Are the problems at MoviePass irreversible? Will the app that provided access to thirty movies [now three] a month for a low $10 monthly fee [$14.95 plus surge pricing] fade away? Sadly, ScanMyPhotos.com says YES!
We celebrate entrepreneurial inventiveness and aspire to model our 28-year photo digitization business by learning from the best. Schooled from the worst is also a virtue for what not to do. In the case of MoviePass, the latter, unfortunately, is now the model.
Its parent company — Helios & Matheson — said in May that it had enough cash to last over a year. Even their website suggests that it is less about movies and more about harvesting data (see our related story on Facebook’s predicament with data-harvesting). They explain their business is about “BIG DATA, INTUITIVE ARTIFICIAL INTELLIGENCE, PREDICTIVE BIG DATA ANALYTICS, DATA VISUALIZATION SOLUTION.” So where is the mention of getting a great deal to watch your favorite films?
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These are the chat messages we had with MovirPass:
Because ScanMyPhotos has been lucky enough to earn the trust of many celebrities, producers and executives within the entertainment industry (including Katy Perry’s family), we did so by engaging them. Learning everything about them. Watching and listening to their performances. We even attend way too many concerts and events to meet these notable superstars. We need to earn their trust to privately digitize their lifetime of personal photographs. Movies are a big part of this engagement. When we talk with these luminary hotshots and their representatives, it is important to be topical. Discussing their latest TV performance and films with the talent help bridge the conversation from digitizing their decades of photographs to what they are doing.
This is where MoviePass played a helpful role. Due to all the screening we attend, the $10 deal was valued. Then they added an Uber-like “surge pricing” component. But now, they are blocking movies like Mission Impossible or charging fees even when the early matinee is literally empty.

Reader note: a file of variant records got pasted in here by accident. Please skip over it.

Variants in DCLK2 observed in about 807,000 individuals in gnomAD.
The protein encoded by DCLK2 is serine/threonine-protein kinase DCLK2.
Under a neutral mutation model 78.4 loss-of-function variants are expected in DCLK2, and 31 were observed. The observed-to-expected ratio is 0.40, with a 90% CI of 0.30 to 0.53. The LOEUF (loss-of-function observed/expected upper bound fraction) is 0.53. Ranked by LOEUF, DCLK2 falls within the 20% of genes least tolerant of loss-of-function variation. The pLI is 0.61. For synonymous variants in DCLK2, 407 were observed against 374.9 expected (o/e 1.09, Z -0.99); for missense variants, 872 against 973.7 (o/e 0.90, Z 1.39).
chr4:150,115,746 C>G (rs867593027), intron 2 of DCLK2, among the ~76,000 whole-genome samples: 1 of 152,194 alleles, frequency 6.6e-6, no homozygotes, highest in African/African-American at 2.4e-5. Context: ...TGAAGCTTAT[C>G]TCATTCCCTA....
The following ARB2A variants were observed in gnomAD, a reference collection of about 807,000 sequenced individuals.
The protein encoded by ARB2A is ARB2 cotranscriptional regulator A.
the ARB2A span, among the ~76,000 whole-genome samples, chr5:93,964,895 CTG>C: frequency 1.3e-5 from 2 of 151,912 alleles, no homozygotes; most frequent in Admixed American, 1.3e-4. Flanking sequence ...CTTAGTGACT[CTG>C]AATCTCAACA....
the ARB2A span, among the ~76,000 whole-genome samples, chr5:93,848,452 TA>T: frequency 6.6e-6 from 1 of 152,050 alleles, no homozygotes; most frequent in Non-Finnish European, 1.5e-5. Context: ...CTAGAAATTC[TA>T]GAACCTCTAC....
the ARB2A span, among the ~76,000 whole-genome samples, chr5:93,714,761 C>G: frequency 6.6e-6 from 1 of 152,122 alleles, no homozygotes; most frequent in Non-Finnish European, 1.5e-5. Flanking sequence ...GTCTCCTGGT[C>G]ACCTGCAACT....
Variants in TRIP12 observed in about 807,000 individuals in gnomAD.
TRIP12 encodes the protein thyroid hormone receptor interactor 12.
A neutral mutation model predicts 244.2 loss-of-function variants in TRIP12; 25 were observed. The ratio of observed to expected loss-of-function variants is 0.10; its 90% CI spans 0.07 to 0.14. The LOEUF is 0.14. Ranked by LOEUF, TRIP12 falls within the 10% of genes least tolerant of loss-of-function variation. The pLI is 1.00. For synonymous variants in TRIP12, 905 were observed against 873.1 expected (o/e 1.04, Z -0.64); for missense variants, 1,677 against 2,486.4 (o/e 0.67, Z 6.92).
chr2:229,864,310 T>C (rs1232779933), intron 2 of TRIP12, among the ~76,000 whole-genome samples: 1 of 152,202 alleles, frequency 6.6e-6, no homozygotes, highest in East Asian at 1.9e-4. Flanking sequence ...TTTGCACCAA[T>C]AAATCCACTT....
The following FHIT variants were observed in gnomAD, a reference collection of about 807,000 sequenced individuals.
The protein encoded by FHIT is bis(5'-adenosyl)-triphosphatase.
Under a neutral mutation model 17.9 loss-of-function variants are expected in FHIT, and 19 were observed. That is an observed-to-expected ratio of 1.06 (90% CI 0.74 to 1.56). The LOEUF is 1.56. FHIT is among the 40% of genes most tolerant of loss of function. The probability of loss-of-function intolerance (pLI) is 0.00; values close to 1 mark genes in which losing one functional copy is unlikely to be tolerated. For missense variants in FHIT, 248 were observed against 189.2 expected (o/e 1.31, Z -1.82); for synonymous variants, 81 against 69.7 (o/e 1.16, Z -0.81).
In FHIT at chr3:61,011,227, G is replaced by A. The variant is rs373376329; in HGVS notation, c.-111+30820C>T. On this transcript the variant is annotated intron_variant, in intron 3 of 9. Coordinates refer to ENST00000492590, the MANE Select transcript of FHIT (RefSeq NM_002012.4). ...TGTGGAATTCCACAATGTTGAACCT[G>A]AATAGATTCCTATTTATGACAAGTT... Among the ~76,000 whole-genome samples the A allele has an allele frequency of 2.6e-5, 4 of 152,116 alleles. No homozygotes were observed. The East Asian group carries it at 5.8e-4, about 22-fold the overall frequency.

Now, we learned from Chance Miller, 9to5Mac’s editor that “MoviePass temporarily goes offline because it ran out of cash.”
MoviePass’ struggles have been well-documented over recent months as it struggles to turn anything close to a profit. Today, things took a major turn for the worse as the company completely ran out of cash and the service went offline temporarily. As reported by CNN, MoviePass’ owner, Helios & Matheson, disclosed in an SEC filing today that it borrowed $5 million cash in an effort to “pay the company’s merchant and fulfillment processors.”
According to The Atlantia Journal-Constitution, MoviePass users say they’re getting surcharge prices even when movie theaters are empty. Back in January, Brian Barrett a news editor at WIRED wrote:
The more subscribers MoviePass signs up, the more money it loses. It pays theaters full price for each ticket, whether a member visits once or 31 times a month. It has to provide for customer service to support those 1.5 million people, many of whom have lobbed valid complaints—MoviePass issues debit cards to each of its members, and initially couldn’t keep up with demand—as the service struggled with its rapid expansion. And that’s on top of the usual, unglamorous costs of running any business. (Backends don’t maintain themselves.) If it seems like MoviePass is too good to be true, that’s because right now, it is.
What to do? Have you encountered similar issues? Last weekend, we asked a theater ticket taker at The Grove LA’s Pacific Theaters how many guests are redeeming the card and the number was a staggering 80 percent. As MovePass reportedly pays the theaters full price, if you see just one film a month they are in the red.
We dropped MoviePass even though the company still maintains they will grow their subscription rate from about 3 million subscribers to 20 million. According to Ben Tobin at USA Today, the average customer sees less than three films a month. Now the cost accelerated 50 percent, from $9.95 to $14.95 per month. And there is a new limit from thirty to just three films each month.
Launched in 2011, MoviePass didn’t catch major traction until it lowered its monthly fee to $9.95 in 2017. The impact was immediate: The subscriber base has jumped from 20,000 then to more than 3 million today.